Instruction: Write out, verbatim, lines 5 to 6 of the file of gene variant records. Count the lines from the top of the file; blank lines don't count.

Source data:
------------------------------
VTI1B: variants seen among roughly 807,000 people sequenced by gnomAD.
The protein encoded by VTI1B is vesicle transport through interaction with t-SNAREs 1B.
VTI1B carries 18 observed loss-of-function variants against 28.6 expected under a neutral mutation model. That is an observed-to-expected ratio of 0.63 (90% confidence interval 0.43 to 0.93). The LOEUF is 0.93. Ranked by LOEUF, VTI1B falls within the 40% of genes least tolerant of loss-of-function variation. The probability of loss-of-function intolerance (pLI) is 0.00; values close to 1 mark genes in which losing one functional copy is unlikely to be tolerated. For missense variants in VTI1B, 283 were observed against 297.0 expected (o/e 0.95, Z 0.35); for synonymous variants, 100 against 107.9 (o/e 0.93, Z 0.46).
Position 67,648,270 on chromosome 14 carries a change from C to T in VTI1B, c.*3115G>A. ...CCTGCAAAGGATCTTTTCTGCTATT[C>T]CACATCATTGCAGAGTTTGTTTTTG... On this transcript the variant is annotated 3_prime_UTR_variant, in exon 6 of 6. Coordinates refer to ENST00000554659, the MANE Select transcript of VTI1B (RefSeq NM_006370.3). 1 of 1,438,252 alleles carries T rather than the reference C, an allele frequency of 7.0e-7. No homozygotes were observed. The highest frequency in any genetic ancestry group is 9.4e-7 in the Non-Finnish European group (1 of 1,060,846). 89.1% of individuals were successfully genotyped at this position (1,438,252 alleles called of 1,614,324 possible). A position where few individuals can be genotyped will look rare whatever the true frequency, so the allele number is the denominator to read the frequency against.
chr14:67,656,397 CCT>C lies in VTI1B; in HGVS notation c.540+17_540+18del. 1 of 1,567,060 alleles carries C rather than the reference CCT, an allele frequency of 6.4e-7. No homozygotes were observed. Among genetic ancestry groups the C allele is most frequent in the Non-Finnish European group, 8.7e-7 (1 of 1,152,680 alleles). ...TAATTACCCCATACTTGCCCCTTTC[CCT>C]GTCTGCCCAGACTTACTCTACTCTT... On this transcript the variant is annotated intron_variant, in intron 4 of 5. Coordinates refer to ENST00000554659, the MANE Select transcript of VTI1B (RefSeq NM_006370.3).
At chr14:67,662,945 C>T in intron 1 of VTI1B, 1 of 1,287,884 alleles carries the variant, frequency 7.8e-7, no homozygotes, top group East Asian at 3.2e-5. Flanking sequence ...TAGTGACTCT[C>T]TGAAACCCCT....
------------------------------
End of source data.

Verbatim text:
chr14:67,656,397 CCT>C lies in VTI1B; in HGVS notation c.540+17_540+18del. 1 of 1,567,060 alleles carries C rather than the reference CCT, an allele frequency of 6.4e-7. No homozygotes were observed. Among genetic ancestry groups the C allele is most frequent in the Non-Finnish European group, 8.7e-7 (1 of 1,152,680 alleles). ...TAATTACCCCATACTTGCCCCTTTC[CCT>C]GTCTGCCCAGACTTACTCTACTCTT... On this transcript the variant is annotated intron_variant, in intron 4 of 5. Coordinates refer to ENST00000554659, the MANE Select transcript of VTI1B (RefSeq NM_006370.3).
At chr14:67,662,945 C>T in intron 1 of VTI1B, 1 of 1,287,884 alleles carries the variant, frequency 7.8e-7, no homozygotes, top group East Asian at 3.2e-5. Flanking sequence ...TAGTGACTCT[C>T]TGAAACCCCT....